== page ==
Today, the Louvre along with its pyramid is the most visited museum in the world with approximately ten million visitors a year.
Beaubourg : a combination of art and oddity
Centre Georges Pompidou is a symbol of the 20th century modern architecture. It houses the largest museum of modern art in Europe and is also an artistic and music research center. The exterior displays an “inside out” design featuring all of its internal facilities – brightly colored tubes, pipework, glass elevators and mechanical systems – on its façade. The top floor offers some of the best views over Paris.
Grand Palais: the glory of French art
The 1900 World’s Fair saw the birth of the beautiful Grand Palais upon the Avenue des Champs Elysées in Paris. The building was constructed with stone, steel and glass. To construct its incredible glass roof, more than 8 500 tons of steel were required, more metal than for the Eiffel Tower. To this day, Grand Palais’ glass roof is the largest in Europe. The grand staircase, with its wrought-iron structure, mosaic floor and limestone steps, is a masterpiece of Art Nouveau style. The venue sought to become home to fine art exhibitions and events. It never failed to do so except during WWI when the monument was requisitioned to serve a period as a military hospital.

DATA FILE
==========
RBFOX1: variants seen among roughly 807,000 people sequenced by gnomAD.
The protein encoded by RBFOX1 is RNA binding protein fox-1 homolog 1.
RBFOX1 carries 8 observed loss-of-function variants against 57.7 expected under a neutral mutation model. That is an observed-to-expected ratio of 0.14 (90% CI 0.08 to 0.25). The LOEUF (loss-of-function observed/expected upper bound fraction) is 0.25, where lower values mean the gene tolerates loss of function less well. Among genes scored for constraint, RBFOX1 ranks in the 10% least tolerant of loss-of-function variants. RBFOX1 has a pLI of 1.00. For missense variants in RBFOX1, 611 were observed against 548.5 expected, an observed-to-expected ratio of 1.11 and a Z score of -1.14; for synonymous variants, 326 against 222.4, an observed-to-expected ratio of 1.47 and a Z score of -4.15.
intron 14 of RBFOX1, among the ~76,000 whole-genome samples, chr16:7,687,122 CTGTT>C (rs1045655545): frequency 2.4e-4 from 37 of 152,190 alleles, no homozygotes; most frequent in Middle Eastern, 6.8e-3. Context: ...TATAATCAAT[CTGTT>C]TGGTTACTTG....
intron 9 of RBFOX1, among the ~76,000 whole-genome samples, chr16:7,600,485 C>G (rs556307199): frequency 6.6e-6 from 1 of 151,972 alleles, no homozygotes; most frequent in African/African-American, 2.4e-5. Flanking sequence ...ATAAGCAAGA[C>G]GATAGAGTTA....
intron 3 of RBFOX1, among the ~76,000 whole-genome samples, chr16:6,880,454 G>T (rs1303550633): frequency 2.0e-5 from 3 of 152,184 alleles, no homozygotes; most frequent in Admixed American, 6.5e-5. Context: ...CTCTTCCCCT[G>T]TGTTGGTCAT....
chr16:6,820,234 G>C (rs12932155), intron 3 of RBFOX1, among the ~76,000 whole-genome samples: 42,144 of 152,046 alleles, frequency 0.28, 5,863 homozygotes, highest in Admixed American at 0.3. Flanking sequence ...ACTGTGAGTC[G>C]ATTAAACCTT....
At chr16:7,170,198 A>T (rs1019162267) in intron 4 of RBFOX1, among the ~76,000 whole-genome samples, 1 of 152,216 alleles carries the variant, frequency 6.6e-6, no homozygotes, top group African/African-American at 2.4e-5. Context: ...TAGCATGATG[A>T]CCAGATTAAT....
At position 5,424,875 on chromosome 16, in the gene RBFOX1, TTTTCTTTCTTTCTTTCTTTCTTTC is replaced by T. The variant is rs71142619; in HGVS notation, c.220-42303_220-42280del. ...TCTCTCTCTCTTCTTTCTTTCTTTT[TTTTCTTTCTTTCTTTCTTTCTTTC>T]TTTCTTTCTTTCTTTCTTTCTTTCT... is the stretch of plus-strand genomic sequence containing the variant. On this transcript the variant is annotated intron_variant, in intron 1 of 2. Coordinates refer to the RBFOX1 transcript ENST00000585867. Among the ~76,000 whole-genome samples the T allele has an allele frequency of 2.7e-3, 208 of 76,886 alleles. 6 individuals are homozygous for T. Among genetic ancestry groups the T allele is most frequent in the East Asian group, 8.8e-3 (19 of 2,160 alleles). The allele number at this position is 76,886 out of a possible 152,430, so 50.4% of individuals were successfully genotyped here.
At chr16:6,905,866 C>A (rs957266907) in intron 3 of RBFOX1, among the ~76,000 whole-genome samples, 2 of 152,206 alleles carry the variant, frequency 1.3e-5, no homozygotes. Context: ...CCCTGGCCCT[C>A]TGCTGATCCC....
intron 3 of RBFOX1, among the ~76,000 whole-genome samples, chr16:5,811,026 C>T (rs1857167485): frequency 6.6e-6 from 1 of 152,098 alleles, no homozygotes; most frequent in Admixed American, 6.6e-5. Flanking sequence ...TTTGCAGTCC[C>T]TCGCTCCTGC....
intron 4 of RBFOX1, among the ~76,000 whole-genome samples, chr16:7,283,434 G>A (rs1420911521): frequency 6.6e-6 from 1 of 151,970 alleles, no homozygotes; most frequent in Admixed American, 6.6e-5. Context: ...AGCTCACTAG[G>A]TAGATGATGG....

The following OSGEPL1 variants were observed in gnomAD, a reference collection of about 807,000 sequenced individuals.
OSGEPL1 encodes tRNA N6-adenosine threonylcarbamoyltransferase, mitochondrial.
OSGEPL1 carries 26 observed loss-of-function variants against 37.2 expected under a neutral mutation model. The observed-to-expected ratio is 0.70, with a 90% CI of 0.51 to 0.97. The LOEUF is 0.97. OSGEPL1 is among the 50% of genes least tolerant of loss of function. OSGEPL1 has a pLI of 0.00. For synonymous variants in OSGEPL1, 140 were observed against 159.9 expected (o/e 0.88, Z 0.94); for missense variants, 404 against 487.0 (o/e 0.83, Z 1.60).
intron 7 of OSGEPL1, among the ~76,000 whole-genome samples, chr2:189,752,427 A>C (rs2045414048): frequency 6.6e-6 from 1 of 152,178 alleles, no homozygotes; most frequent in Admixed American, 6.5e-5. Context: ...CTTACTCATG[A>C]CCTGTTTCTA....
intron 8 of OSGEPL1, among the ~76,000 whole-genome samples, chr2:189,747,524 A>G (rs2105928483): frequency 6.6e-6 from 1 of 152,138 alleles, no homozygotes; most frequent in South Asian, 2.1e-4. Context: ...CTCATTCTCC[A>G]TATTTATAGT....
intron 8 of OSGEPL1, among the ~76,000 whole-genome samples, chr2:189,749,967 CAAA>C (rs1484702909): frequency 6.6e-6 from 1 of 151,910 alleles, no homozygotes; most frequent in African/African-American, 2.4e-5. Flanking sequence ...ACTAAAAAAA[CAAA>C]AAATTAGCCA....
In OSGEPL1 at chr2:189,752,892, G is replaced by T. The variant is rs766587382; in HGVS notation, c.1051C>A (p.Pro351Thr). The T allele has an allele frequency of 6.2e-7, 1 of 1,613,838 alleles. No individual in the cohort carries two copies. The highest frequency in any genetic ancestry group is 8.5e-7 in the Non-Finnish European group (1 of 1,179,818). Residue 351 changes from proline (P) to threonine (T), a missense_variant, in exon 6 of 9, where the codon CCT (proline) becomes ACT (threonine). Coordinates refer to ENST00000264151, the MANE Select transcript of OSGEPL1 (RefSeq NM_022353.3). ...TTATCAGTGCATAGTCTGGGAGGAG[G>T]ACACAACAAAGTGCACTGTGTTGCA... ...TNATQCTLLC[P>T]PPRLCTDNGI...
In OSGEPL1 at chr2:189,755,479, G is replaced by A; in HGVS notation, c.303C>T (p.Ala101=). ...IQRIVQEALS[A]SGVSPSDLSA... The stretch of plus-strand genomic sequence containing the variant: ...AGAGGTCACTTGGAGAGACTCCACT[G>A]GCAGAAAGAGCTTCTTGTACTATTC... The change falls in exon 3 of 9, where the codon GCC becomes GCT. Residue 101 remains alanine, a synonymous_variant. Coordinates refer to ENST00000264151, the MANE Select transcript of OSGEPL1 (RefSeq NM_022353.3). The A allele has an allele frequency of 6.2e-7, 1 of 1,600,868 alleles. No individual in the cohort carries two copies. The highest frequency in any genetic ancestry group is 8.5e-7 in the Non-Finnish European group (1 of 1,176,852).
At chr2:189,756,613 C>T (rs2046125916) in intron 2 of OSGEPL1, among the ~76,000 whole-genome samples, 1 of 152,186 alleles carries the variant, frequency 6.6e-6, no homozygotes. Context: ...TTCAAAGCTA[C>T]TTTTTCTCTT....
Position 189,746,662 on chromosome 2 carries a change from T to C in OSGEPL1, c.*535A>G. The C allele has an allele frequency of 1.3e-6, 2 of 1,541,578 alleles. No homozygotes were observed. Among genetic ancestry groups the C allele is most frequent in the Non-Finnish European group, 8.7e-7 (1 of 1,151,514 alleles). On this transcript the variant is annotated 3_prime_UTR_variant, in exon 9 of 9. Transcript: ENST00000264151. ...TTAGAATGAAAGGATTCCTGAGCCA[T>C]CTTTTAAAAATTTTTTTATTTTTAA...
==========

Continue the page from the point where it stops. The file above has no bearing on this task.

Paris peculiar, Paris picturesque
Nicolas Flamel’s house
Built in 1407 and believed to be the oldest stone house in Paris, this is where Flamel is said to have carried out his experiments in alchemy and where many believe he discovered the mysteries of the Philosopher’s Stone. While there is no evidence Flamel did actually participate in any such activities, the house is however a plunge into medieval Paris which is arguably just as fascinating.
A dispute over the smallest house
Many believe that the tiny house located at 13 Quai Voltaire and overlooking the river Seine is the narrowest building in Paris. However, the smallest house in Paris is to be found in the 10th arrondissement, rue du château d’eau. The micro building measures 1, 10 meters wide, five meters high and is tucked away between two buildings on a bustling street, opposite the Town Hall of the district.
This little space was originally a passage way between two streets and in fact, proved a bone of contention as to who should own the rights of access to the passageway. In order to end the endless disputes, it was decided to fill the gap with a new property, leaving nothing to argue about.
The red Pagoda: a Chinese palace in Paris